A Debunking Economics listener asked for a podcast on the role of Shadow Banks. In particular, he wanted to know if shadow banks create money in the same way as conventional banks. The quick answer is, no, because they are not able to create deposits – but they do increase the ability for banks to extend more loans. Phil Dobbie talks to Prof Steve Keen about the role of shadow banks and asks, do they need to be curtailed? And, if so, how? It’s an issue that’s been flagged by Janet Yellen, Governor of the Federal Reserve in the US, who flagged that the influence of shadow banking on the financial system is hard to measure.

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Economists have always seen wealth as a function of capital and labour. In effect, people and machines create things which makes them money. But Steve Keen believes there’s a far more important consideration – energy. In this free edition of the Debunking Economics podcast he points out how the industrial revolution was founded on the availability of energy and ongoing wealth creation is being driven by the more efficient use of energy.

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Today, on the Debunking economics podcast, imagine if shares had a use by date. If you pass the shares issued by a company on to a secondary market, the clock starts ticking. What would that do to the valuation of shares – and why do we need to worry about it? Phil Dobbie discusses the concept with Professor Steve Keen, investigating what the impact would be on share markets and the companies that trade on them.

To hear the full version subscribe by picking a plan in the right column of the Debunking Economics website (not the mobile app). Or become a patron at https://www.patreon.com/ProfSteveKeen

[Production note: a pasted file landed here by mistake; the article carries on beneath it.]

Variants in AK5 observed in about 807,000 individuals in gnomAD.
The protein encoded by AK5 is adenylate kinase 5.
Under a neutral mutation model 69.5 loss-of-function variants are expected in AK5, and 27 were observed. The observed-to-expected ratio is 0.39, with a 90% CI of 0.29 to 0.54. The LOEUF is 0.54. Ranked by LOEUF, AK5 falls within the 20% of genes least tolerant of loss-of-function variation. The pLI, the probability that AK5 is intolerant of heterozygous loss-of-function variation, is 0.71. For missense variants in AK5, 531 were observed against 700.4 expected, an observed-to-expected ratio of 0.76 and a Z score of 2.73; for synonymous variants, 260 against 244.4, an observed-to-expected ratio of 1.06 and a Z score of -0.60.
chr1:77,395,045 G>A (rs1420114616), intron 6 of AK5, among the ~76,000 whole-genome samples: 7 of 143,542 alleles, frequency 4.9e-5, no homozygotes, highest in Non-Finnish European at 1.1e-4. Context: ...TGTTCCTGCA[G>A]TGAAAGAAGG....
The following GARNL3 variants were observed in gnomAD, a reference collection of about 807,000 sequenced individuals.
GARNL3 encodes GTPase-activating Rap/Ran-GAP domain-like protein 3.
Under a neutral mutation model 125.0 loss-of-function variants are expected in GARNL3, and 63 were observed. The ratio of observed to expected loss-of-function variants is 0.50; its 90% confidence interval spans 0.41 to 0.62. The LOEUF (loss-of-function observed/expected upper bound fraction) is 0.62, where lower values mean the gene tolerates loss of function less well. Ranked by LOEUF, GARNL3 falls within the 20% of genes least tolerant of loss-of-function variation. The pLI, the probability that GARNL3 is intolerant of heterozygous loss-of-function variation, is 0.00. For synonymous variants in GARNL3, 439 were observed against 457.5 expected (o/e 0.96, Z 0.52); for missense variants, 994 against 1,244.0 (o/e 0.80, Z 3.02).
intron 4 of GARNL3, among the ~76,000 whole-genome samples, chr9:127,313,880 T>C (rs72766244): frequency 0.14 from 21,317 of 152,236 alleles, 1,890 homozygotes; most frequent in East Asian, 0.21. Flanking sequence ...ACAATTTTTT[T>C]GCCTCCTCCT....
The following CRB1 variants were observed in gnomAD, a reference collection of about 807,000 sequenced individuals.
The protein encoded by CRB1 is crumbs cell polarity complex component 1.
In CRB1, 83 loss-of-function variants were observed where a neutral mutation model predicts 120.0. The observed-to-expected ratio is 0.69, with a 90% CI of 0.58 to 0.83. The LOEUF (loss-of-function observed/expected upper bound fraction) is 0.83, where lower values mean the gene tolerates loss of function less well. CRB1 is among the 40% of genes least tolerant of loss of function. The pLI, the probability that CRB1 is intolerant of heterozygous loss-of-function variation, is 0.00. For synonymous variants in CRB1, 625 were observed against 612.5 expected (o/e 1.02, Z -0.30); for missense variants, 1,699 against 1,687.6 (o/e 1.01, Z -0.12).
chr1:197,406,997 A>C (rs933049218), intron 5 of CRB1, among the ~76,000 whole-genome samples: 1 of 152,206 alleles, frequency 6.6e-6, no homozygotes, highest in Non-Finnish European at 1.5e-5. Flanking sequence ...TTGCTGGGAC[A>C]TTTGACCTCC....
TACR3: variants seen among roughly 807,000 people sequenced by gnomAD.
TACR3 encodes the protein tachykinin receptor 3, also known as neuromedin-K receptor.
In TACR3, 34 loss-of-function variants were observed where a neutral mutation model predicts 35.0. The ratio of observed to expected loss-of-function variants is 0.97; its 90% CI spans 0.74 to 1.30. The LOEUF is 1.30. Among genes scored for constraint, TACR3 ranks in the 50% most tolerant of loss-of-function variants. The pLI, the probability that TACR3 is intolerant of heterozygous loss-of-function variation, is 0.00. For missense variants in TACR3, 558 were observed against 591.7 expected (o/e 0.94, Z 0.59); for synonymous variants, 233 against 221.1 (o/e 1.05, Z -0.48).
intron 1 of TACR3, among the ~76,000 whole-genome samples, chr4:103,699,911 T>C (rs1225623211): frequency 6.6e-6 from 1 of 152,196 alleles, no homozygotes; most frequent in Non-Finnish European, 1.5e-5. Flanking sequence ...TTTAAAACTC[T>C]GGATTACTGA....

Premium

Today, on the Debunking economics podcast, imagine if shares had a use by date. If you pass the shares issued by a company on to a secondary market, the clock starts ticking. What would that do to the valuation of shares – and why do we need to worry about it? Phil Dobbie discusses the concept with Professor Steve Keen, investigating what the impact would be on share markets and the companies that trade on them.

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A big chunk of the trades that happen in shares are sold short. In other words, the trader takes a punt that the price will go down. In effect you sell something that you don’t own yet – like shares in the company – and you sell it to some mug who buys it off you at today’s price. Then when the price has gone down, you buy it at the lower price and deliver on your promise. Phil Dobbie asks Steve Keen whether short selling is destructive, or is it a useful balance that keeps share trading in check?

To hear the full version subscribe by picking a plan in the right column of the Debunking Economics website (not the mobile app).

Premium

A big chunk of the trades that happen in shares are sold short. In other words, the trader takes a punt that the price will go down. In effect you sell something that you don’t own yet – like shares in the company – and you sell it to some mug who buys it off you at today’s price. Then when the price has gone down, you buy it at the lower price and deliver on your promise. Phil Dobbie asks Steve Keen whether short selling is destructive, or is it a useful balance that keeps share trading in check?